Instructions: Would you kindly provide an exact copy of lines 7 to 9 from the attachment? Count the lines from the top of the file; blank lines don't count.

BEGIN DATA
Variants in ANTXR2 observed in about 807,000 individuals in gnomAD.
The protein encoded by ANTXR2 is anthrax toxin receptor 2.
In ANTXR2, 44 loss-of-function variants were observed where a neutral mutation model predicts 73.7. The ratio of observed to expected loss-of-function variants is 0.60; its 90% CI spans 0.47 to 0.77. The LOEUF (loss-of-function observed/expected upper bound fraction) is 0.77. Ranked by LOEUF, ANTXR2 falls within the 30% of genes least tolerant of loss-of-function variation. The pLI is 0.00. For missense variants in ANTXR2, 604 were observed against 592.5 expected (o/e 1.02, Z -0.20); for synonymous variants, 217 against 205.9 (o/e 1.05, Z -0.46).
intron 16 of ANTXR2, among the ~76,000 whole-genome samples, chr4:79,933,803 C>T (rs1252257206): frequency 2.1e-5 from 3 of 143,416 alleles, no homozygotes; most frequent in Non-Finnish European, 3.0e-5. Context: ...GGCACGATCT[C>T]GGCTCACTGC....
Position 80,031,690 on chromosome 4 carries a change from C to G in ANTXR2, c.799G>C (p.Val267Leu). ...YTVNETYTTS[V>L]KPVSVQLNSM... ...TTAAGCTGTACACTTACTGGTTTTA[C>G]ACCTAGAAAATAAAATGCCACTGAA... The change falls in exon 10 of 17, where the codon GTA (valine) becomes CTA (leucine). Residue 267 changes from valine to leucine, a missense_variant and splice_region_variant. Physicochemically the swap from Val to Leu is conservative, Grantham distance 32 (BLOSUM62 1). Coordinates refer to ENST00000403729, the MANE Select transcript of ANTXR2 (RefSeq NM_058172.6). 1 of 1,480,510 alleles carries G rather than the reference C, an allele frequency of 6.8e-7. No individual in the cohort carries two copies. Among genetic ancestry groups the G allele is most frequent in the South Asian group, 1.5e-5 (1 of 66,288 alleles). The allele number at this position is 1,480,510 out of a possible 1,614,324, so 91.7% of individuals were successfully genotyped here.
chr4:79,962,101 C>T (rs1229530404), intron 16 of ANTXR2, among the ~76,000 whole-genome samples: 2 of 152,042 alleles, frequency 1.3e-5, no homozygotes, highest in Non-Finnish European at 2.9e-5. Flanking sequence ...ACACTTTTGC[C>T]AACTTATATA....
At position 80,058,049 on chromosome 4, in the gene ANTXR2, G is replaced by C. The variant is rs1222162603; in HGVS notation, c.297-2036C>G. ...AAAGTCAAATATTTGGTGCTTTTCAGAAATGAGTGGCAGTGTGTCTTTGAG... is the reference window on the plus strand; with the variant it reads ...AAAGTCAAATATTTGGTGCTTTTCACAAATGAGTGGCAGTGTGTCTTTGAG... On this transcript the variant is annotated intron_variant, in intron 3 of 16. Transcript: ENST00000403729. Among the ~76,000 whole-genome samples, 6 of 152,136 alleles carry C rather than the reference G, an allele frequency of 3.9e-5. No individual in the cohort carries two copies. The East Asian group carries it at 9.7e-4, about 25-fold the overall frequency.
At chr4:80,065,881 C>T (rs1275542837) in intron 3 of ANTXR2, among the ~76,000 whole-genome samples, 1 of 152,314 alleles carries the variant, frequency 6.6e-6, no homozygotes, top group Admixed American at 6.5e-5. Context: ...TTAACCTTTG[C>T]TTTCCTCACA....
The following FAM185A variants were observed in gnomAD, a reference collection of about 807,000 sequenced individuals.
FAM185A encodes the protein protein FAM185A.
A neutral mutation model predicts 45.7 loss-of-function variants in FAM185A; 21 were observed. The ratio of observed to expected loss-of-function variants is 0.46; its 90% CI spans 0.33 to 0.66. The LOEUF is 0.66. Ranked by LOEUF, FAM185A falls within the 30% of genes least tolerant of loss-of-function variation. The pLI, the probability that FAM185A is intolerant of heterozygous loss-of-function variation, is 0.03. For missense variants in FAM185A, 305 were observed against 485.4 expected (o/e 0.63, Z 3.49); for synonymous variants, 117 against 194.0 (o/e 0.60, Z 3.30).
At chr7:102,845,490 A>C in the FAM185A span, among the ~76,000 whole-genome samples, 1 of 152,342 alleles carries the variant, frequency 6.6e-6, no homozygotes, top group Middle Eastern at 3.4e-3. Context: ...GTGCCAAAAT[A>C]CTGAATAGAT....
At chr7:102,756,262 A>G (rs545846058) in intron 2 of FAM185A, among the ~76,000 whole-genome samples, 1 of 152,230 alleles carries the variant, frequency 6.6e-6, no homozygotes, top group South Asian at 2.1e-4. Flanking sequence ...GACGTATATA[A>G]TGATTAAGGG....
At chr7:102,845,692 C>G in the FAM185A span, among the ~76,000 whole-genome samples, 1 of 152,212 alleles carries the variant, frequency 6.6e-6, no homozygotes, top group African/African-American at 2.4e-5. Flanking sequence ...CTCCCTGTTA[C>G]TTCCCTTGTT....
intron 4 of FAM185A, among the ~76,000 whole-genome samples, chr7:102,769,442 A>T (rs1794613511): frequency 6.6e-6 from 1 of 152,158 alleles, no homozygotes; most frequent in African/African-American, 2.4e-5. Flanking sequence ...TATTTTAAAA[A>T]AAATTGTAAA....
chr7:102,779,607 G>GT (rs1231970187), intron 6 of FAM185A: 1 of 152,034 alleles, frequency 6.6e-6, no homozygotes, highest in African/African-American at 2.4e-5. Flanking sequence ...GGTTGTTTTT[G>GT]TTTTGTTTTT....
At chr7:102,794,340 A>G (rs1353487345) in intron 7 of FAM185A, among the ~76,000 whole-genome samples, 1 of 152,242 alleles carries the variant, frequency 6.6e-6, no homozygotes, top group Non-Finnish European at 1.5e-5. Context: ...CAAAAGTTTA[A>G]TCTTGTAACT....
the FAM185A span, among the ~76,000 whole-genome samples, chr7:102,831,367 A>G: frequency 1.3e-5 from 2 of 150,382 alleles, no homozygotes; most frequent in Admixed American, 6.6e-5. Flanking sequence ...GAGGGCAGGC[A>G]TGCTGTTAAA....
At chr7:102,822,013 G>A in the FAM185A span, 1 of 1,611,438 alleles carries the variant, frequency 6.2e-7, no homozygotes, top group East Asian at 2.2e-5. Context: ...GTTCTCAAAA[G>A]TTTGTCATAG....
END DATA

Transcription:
At position 80,058,049 on chromosome 4, in the gene ANTXR2, G is replaced by C. The variant is rs1222162603; in HGVS notation, c.297-2036C>G. ...AAAGTCAAATATTTGGTGCTTTTCAGAAATGAGTGGCAGTGTGTCTTTGAG... is the reference window on the plus strand; with the variant it reads ...AAAGTCAAATATTTGGTGCTTTTCACAAATGAGTGGCAGTGTGTCTTTGAG... On this transcript the variant is annotated intron_variant, in intron 3 of 16. Transcript: ENST00000403729. Among the ~76,000 whole-genome samples, 6 of 152,136 alleles carry C rather than the reference G, an allele frequency of 3.9e-5. No individual in the cohort carries two copies. The East Asian group carries it at 9.7e-4, about 25-fold the overall frequency.
At chr4:80,065,881 C>T (rs1275542837) in intron 3 of ANTXR2, among the ~76,000 whole-genome samples, 1 of 152,314 alleles carries the variant, frequency 6.6e-6, no homozygotes, top group Admixed American at 6.5e-5. Context: ...TTAACCTTTG[C>T]TTTCCTCACA....
The following FAM185A variants were observed in gnomAD, a reference collection of about 807,000 sequenced individuals.